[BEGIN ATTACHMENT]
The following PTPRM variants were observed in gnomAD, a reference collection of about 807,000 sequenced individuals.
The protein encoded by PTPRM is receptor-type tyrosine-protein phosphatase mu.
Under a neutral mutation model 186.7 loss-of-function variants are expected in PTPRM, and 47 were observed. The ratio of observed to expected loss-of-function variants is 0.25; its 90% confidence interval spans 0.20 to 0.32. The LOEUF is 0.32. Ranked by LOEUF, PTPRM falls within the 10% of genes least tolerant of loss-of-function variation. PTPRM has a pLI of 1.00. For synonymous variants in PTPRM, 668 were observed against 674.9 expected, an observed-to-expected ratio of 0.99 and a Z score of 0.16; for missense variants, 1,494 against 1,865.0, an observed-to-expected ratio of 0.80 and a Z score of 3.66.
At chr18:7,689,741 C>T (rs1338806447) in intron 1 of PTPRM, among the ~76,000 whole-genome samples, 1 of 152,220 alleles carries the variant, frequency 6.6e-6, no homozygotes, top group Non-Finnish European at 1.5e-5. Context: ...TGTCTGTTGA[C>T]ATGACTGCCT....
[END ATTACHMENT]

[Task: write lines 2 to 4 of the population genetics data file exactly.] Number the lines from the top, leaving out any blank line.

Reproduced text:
The protein encoded by PTPRM is receptor-type tyrosine-protein phosphatase mu.
Under a neutral mutation model 186.7 loss-of-function variants are expected in PTPRM, and 47 were observed. The ratio of observed to expected loss-of-function variants is 0.25; its 90% confidence interval spans 0.20 to 0.32. The LOEUF is 0.32. Ranked by LOEUF, PTPRM falls within the 10% of genes least tolerant of loss-of-function variation. PTPRM has a pLI of 1.00. For synonymous variants in PTPRM, 668 were observed against 674.9 expected, an observed-to-expected ratio of 0.99 and a Z score of 0.16; for missense variants, 1,494 against 1,865.0, an observed-to-expected ratio of 0.80 and a Z score of 3.66.
At chr18:7,689,741 C>T (rs1338806447) in intron 1 of PTPRM, among the ~76,000 whole-genome samples, 1 of 152,220 alleles carries the variant, frequency 6.6e-6, no homozygotes, top group Non-Finnish European at 1.5e-5. Context: ...TGTCTGTTGA[C>T]ATGACTGCCT....